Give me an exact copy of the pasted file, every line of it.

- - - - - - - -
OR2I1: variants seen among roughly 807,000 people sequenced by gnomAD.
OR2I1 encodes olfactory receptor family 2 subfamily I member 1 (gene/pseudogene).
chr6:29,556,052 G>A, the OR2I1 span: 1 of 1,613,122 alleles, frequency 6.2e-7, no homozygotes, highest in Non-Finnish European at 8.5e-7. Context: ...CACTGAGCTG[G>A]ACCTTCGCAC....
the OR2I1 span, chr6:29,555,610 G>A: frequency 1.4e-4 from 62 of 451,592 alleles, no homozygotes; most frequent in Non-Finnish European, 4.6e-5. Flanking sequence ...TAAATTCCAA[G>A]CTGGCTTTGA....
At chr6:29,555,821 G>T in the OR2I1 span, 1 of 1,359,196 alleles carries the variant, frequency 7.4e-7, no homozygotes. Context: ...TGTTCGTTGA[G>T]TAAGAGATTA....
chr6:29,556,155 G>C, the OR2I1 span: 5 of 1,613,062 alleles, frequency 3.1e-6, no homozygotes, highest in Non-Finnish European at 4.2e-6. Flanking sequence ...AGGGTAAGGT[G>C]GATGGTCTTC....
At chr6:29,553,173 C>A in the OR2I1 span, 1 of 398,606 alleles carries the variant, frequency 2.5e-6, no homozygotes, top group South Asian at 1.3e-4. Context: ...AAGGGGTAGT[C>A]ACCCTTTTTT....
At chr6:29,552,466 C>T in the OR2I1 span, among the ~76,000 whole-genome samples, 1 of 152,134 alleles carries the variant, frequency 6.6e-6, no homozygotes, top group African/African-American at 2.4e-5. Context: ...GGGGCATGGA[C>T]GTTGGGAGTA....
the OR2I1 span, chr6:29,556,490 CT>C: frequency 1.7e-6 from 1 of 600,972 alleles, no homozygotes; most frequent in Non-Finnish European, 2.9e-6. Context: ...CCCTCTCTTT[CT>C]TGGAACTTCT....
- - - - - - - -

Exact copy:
OR2I1: variants seen among roughly 807,000 people sequenced by gnomAD.
OR2I1 encodes olfactory receptor family 2 subfamily I member 1 (gene/pseudogene).
chr6:29,556,052 G>A, the OR2I1 span: 1 of 1,613,122 alleles, frequency 6.2e-7, no homozygotes, highest in Non-Finnish European at 8.5e-7. Context: ...CACTGAGCTG[G>A]ACCTTCGCAC....
the OR2I1 span, chr6:29,555,610 G>A: frequency 1.4e-4 from 62 of 451,592 alleles, no homozygotes; most frequent in Non-Finnish European, 4.6e-5. Flanking sequence ...TAAATTCCAA[G>A]CTGGCTTTGA....
At chr6:29,555,821 G>T in the OR2I1 span, 1 of 1,359,196 alleles carries the variant, frequency 7.4e-7, no homozygotes. Context: ...TGTTCGTTGA[G>T]TAAGAGATTA....
chr6:29,556,155 G>C, the OR2I1 span: 5 of 1,613,062 alleles, frequency 3.1e-6, no homozygotes, highest in Non-Finnish European at 4.2e-6. Flanking sequence ...AGGGTAAGGT[G>C]GATGGTCTTC....
At chr6:29,553,173 C>A in the OR2I1 span, 1 of 398,606 alleles carries the variant, frequency 2.5e-6, no homozygotes, top group South Asian at 1.3e-4. Context: ...AAGGGGTAGT[C>A]ACCCTTTTTT....
At chr6:29,552,466 C>T in the OR2I1 span, among the ~76,000 whole-genome samples, 1 of 152,134 alleles carries the variant, frequency 6.6e-6, no homozygotes, top group African/African-American at 2.4e-5. Context: ...GGGGCATGGA[C>T]GTTGGGAGTA....
the OR2I1 span, chr6:29,556,490 CT>C: frequency 1.7e-6 from 1 of 600,972 alleles, no homozygotes; most frequent in Non-Finnish European, 2.9e-6. Context: ...CCCTCTCTTT[CT>C]TGGAACTTCT....